The rest of the parish comprised a scattering of small agricultural hamlets which included Plaistow, Church Lane, Forest Gate and Upton. The marshland in the south of the parish was used for grazing cattle and pasturing horses. Places like Upton and Plaistow were pleasant enough rural retreats to attract City merchants who built substantial houses there. By the late 19th century the separate hamlets of Plaistow, Stratford, Upton, Canning Town and Forest Gate had merged in a sea of bricks and mortar and West Ham was the eighth largest town in Britain.’

It would be unrecognizable today to John and Mary Ann Gadsden as the picturesque rural spot where they spent the halcyon days of their early married life, and where their first two children were born. By 7 November 1828 they spent some time at Clapton, as shown in the register of St John Hackney, where their daughter Mary Rochenda was baptised, having been born in the July of that year.  She died aged only four months and was buried 24 November 1828, also recorded at St John Hackney.

Their next child, another daughter, Emily, was born in July 1830 in WaterfordIreland, where a new chapter of this Gadsden family unfolded.

Tuesday, October 6, 2020

John Gadsden at Upton House, West Ham


My great great grandparents, John Gadsden (1794-1853) and Mary Ann Bone, were married at St John Hackney on 27 March, 1821. However, by that year there was a ‘New Church’.* At the time the couple were living at Upton House, West Ham [see watercolour, partly after a photograph, partly after a sketch by Mary Lister; source Wellcome Library]. Their eldest son, Moreton Champness Nevins Gadsden was born at Upton House.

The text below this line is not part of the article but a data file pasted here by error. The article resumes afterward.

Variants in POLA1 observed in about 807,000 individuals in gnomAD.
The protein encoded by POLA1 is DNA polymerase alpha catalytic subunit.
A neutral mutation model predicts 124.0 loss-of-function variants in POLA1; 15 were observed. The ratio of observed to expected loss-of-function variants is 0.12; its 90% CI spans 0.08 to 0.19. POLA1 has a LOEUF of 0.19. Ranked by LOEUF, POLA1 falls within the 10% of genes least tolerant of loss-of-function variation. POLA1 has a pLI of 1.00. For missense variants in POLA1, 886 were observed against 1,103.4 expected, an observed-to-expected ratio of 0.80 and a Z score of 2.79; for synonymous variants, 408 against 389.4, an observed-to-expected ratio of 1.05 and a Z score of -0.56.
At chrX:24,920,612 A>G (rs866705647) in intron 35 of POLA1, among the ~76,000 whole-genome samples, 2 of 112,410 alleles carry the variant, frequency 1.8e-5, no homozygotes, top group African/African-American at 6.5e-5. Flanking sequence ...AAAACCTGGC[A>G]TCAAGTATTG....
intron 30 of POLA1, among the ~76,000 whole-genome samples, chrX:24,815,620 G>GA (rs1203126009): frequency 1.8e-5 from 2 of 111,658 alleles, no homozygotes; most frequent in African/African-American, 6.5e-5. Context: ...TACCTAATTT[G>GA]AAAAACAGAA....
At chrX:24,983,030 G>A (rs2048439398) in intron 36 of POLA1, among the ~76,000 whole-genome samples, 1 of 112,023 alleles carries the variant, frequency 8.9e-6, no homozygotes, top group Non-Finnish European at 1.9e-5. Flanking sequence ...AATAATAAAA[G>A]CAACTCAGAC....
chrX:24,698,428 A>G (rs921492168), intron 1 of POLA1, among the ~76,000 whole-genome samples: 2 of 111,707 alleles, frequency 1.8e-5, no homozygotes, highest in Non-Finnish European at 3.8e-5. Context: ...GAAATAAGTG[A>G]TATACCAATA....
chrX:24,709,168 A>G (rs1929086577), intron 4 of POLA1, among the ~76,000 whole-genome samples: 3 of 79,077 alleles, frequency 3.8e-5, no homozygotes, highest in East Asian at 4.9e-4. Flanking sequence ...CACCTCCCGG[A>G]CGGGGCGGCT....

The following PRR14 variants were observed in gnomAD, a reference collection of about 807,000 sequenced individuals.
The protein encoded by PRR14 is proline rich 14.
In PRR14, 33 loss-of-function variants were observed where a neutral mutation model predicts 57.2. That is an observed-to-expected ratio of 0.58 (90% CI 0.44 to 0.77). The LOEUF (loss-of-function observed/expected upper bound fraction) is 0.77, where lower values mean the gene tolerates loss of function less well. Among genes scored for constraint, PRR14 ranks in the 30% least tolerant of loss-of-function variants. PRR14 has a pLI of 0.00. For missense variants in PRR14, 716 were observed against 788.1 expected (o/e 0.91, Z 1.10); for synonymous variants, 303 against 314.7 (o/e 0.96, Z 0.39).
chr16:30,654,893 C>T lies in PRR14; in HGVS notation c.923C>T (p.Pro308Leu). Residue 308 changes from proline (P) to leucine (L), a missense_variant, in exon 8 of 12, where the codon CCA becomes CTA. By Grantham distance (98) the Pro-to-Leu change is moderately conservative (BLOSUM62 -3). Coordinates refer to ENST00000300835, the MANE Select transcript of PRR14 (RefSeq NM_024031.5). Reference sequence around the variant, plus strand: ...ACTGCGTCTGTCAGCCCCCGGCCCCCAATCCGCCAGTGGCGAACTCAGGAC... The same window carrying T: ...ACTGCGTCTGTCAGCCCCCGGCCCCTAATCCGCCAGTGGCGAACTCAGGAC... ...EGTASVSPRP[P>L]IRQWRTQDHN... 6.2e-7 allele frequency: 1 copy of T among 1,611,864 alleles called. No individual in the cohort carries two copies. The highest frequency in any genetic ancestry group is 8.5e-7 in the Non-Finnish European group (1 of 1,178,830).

Upton House was situated on the opposite side of Upton Lane to Ham House, which was also, confusingly, known as Upton House for a short time in the eighteenth-century.  It was typical of a number of fine seventeenth- and eighteenth-century houses built in West Ham as country retreats for City merchants and businessmen.  Upton House (that is, the one the Gadsdens lived in) was rebuilt in 1731 and was the birthplace of (Lord) Joseph Lister (1827-1912), the founder of antiseptic surgery.  It was demolished in 1968.’ [Source: From  ‘Britain in Old Photographs: Stratford West Ham & The Royal Docks’ by Stephen Pewsey  pub: Sutton Publishing Ltd 1996]

Clearly, if Joseph Lister was born at Upton House in 1827 it is reasonable to suppose that the Gadsdens had moved elsewhere by that date. John and Mary Ann re-emerge in the City of Waterford, Ireland, where John was a provision merchant. He and his brothers Charles Edward Gadsden and James Eyre Gadsden apparently left England and went to live in Waterford where all three produced children as baptismal records show. It is possible that John at least 'commuted' between Waterford and London, as ties with West Ham and Hackney continue until 1828 when John and Mary Ann’s daughter, Mary Rochenda, aged only 4 months, was buried at St John Hackney on 13 November of that year.

Tuesday, September 29, 2020

Gaddesden House at Little Gaddesden: various views


Gaddesden House: one of the bedrooms today

Medieval Window

Exterior showing topiary

In the garden, the Allens, recent owners of the 
Gaddesden House

Monday, September 21, 2020

John O'Gaddesden House at Little Gaddesden